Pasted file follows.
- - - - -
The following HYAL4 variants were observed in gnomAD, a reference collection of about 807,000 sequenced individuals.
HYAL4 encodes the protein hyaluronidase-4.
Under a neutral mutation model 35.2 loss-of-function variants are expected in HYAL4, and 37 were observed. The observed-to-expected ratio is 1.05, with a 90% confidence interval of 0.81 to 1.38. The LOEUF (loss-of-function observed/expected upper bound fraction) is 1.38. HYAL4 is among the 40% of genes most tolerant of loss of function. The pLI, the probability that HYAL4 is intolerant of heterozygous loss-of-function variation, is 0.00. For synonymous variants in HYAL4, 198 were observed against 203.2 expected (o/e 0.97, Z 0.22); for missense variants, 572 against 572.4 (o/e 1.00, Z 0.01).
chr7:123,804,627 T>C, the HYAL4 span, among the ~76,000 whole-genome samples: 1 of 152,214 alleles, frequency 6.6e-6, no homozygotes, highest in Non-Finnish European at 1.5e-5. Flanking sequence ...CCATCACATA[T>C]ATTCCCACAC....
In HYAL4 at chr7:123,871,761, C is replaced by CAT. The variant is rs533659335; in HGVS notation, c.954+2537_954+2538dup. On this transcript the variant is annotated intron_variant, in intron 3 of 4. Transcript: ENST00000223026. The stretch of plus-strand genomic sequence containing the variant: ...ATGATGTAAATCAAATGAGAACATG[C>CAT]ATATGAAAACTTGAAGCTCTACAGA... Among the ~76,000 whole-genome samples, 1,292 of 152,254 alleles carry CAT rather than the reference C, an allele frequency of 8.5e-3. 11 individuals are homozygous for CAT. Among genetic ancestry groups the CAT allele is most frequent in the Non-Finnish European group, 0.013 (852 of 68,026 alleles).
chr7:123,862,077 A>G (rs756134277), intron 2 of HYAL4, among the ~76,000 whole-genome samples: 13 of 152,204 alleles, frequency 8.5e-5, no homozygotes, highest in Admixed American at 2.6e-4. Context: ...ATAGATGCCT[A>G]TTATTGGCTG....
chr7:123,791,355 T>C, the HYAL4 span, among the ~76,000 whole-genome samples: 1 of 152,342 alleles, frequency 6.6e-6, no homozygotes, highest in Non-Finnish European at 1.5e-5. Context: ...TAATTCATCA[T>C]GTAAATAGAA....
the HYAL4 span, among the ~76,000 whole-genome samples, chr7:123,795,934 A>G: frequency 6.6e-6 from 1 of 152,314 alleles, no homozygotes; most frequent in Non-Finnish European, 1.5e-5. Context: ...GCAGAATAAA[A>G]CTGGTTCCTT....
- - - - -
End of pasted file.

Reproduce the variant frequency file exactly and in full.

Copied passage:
The following HYAL4 variants were observed in gnomAD, a reference collection of about 807,000 sequenced individuals.
HYAL4 encodes the protein hyaluronidase-4.
Under a neutral mutation model 35.2 loss-of-function variants are expected in HYAL4, and 37 were observed. The observed-to-expected ratio is 1.05, with a 90% confidence interval of 0.81 to 1.38. The LOEUF (loss-of-function observed/expected upper bound fraction) is 1.38. HYAL4 is among the 40% of genes most tolerant of loss of function. The pLI, the probability that HYAL4 is intolerant of heterozygous loss-of-function variation, is 0.00. For synonymous variants in HYAL4, 198 were observed against 203.2 expected (o/e 0.97, Z 0.22); for missense variants, 572 against 572.4 (o/e 1.00, Z 0.01).
chr7:123,804,627 T>C, the HYAL4 span, among the ~76,000 whole-genome samples: 1 of 152,214 alleles, frequency 6.6e-6, no homozygotes, highest in Non-Finnish European at 1.5e-5. Flanking sequence ...CCATCACATA[T>C]ATTCCCACAC....
In HYAL4 at chr7:123,871,761, C is replaced by CAT. The variant is rs533659335; in HGVS notation, c.954+2537_954+2538dup. On this transcript the variant is annotated intron_variant, in intron 3 of 4. Transcript: ENST00000223026. The stretch of plus-strand genomic sequence containing the variant: ...ATGATGTAAATCAAATGAGAACATG[C>CAT]ATATGAAAACTTGAAGCTCTACAGA... Among the ~76,000 whole-genome samples, 1,292 of 152,254 alleles carry CAT rather than the reference C, an allele frequency of 8.5e-3. 11 individuals are homozygous for CAT. Among genetic ancestry groups the CAT allele is most frequent in the Non-Finnish European group, 0.013 (852 of 68,026 alleles).
chr7:123,862,077 A>G (rs756134277), intron 2 of HYAL4, among the ~76,000 whole-genome samples: 13 of 152,204 alleles, frequency 8.5e-5, no homozygotes, highest in Admixed American at 2.6e-4. Context: ...ATAGATGCCT[A>G]TTATTGGCTG....
chr7:123,791,355 T>C, the HYAL4 span, among the ~76,000 whole-genome samples: 1 of 152,342 alleles, frequency 6.6e-6, no homozygotes, highest in Non-Finnish European at 1.5e-5. Context: ...TAATTCATCA[T>C]GTAAATAGAA....
the HYAL4 span, among the ~76,000 whole-genome samples, chr7:123,795,934 A>G: frequency 6.6e-6 from 1 of 152,314 alleles, no homozygotes; most frequent in Non-Finnish European, 1.5e-5. Context: ...GCAGAATAAA[A>G]CTGGTTCCTT....